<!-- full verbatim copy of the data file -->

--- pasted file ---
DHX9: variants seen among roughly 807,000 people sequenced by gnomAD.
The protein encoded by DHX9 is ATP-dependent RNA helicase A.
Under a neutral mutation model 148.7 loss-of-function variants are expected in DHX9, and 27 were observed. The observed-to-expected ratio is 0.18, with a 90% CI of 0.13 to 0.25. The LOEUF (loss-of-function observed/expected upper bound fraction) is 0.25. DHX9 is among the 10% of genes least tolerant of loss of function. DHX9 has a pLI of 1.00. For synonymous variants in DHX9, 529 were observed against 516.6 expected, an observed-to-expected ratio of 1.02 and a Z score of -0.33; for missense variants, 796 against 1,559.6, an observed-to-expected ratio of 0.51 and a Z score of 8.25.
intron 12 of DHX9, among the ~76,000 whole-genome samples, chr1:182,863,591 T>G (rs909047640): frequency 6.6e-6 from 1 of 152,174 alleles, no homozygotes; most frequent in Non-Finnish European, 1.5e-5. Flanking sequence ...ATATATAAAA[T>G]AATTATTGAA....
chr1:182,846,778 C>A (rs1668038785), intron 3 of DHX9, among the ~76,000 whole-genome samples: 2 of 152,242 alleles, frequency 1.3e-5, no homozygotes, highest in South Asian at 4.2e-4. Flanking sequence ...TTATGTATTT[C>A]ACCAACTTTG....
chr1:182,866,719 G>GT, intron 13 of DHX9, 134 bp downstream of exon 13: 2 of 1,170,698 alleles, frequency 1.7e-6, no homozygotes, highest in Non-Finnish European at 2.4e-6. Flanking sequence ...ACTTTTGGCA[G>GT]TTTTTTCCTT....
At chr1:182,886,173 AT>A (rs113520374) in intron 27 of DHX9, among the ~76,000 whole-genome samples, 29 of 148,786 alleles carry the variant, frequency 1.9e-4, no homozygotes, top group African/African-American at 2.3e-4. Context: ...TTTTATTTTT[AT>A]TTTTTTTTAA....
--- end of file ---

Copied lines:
DHX9: variants seen among roughly 807,000 people sequenced by gnomAD.
The protein encoded by DHX9 is ATP-dependent RNA helicase A.
Under a neutral mutation model 148.7 loss-of-function variants are expected in DHX9, and 27 were observed. The observed-to-expected ratio is 0.18, with a 90% CI of 0.13 to 0.25. The LOEUF (loss-of-function observed/expected upper bound fraction) is 0.25. DHX9 is among the 10% of genes least tolerant of loss of function. DHX9 has a pLI of 1.00. For synonymous variants in DHX9, 529 were observed against 516.6 expected, an observed-to-expected ratio of 1.02 and a Z score of -0.33; for missense variants, 796 against 1,559.6, an observed-to-expected ratio of 0.51 and a Z score of 8.25.
intron 12 of DHX9, among the ~76,000 whole-genome samples, chr1:182,863,591 T>G (rs909047640): frequency 6.6e-6 from 1 of 152,174 alleles, no homozygotes; most frequent in Non-Finnish European, 1.5e-5. Flanking sequence ...ATATATAAAA[T>G]AATTATTGAA....
chr1:182,846,778 C>A (rs1668038785), intron 3 of DHX9, among the ~76,000 whole-genome samples: 2 of 152,242 alleles, frequency 1.3e-5, no homozygotes, highest in South Asian at 4.2e-4. Flanking sequence ...TTATGTATTT[C>A]ACCAACTTTG....
chr1:182,866,719 G>GT, intron 13 of DHX9, 134 bp downstream of exon 13: 2 of 1,170,698 alleles, frequency 1.7e-6, no homozygotes, highest in Non-Finnish European at 2.4e-6. Flanking sequence ...ACTTTTGGCA[G>GT]TTTTTTCCTT....
At chr1:182,886,173 AT>A (rs113520374) in intron 27 of DHX9, among the ~76,000 whole-genome samples, 29 of 148,786 alleles carry the variant, frequency 1.9e-4, no homozygotes, top group African/African-American at 2.3e-4. Context: ...TTTTATTTTT[AT>A]TTTTTTTTAA....